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article imageScientists Treated With Views Of Mars Avalanches

By KJ Mullins     Mar 4, 2008 in Science
Images sent back of active avalanches from the red planet are exciting scientists. Scientists aren't sure if this is an annual spring event or a once in a lifetime sighting. The avalanches stem from Mars' North Pole.
There have been at least four avalanches spotted by the Orbiter.
Images taken last month show ice and dust breaking off from a steep cliff and settling below on the slopes. Massive debris clouds measuring over 590 feet across have been reported as a result of the avalanches.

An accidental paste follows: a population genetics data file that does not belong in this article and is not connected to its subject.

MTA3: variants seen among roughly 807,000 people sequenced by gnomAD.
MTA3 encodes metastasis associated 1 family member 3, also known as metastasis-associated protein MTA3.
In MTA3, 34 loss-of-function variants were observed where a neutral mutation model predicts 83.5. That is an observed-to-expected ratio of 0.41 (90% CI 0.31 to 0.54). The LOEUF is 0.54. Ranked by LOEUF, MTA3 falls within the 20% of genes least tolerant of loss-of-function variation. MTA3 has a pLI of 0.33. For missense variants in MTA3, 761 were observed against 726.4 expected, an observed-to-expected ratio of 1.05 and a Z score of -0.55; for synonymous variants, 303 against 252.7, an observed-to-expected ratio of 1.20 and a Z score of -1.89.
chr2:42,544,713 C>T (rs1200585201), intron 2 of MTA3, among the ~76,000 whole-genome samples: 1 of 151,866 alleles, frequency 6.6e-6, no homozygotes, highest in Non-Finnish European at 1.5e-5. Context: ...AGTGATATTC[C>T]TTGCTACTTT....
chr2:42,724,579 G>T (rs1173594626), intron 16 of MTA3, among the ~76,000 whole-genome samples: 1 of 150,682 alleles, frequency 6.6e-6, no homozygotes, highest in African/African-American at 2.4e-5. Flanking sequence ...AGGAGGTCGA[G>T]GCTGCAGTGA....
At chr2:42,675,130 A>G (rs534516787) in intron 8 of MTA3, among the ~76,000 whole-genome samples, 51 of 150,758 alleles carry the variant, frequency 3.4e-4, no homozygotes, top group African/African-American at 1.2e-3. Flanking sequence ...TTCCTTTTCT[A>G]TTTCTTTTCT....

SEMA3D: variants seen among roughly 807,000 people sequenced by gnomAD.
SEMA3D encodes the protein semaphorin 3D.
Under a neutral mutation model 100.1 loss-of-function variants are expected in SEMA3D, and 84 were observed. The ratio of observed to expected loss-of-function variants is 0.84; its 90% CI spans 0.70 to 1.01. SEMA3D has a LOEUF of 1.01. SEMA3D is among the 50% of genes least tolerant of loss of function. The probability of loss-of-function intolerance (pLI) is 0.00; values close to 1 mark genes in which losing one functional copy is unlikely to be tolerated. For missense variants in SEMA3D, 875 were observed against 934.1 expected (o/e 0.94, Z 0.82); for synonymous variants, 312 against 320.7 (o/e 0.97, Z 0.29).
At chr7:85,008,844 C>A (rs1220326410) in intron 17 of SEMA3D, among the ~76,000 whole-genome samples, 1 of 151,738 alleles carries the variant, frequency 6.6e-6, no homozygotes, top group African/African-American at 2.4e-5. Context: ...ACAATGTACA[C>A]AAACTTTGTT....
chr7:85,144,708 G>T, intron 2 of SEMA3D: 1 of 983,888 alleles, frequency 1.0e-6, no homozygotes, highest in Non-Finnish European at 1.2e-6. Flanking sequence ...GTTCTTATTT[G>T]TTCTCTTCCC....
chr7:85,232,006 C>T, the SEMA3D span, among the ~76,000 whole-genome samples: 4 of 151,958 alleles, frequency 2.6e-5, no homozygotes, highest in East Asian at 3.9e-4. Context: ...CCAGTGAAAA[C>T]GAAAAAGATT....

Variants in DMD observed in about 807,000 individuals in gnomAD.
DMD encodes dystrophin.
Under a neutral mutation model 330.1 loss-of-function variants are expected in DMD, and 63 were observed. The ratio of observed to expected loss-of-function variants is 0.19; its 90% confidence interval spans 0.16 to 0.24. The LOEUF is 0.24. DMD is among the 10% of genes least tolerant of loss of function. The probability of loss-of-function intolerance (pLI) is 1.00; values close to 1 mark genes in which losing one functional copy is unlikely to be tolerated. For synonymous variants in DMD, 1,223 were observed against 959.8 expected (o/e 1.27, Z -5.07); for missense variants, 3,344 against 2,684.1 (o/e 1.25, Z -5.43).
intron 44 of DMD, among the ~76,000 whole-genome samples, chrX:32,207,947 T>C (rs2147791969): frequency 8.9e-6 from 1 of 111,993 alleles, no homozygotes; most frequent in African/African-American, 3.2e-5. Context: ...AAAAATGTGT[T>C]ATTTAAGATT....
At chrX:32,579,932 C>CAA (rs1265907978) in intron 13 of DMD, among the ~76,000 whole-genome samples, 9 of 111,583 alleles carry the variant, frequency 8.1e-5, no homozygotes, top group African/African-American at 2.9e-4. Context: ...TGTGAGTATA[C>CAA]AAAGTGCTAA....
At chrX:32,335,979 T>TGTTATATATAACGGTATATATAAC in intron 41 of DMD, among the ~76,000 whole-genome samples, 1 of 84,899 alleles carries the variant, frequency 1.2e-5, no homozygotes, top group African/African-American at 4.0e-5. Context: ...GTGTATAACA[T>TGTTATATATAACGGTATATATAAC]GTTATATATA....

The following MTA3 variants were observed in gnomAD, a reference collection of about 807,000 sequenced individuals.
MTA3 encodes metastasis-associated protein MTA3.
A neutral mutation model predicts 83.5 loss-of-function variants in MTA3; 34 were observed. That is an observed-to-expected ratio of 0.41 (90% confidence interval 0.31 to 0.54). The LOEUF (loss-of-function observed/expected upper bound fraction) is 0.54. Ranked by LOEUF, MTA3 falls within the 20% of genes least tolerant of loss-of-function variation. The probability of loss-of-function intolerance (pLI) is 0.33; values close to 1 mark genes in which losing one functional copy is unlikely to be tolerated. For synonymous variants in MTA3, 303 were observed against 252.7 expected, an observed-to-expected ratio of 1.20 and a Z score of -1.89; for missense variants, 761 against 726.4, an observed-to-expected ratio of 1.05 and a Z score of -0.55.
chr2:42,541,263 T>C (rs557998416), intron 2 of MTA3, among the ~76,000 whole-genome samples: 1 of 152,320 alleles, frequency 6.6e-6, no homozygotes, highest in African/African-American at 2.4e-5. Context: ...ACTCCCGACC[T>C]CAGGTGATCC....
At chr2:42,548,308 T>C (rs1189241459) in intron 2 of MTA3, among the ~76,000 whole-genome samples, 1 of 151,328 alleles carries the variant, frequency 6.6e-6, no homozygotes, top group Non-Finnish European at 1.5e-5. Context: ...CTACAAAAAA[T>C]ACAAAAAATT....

The photos were obtained by the Mars Reconnaissance Orbiter which arrived on the planet in 2006. The overall landscape of Mars has not changed very much in millions of years. The recent activity was a rare treat for scientists that are observing the data returning from the Orbiter.
"We were checking for springtime changes in the carbon-dioxide frost covering a dune field and finding the avalanches was completely serendipitous," Jet Propulsion Laboratory scientist Candice Hansen said in a statement.
More about Mars, Avalaches, North pole
 

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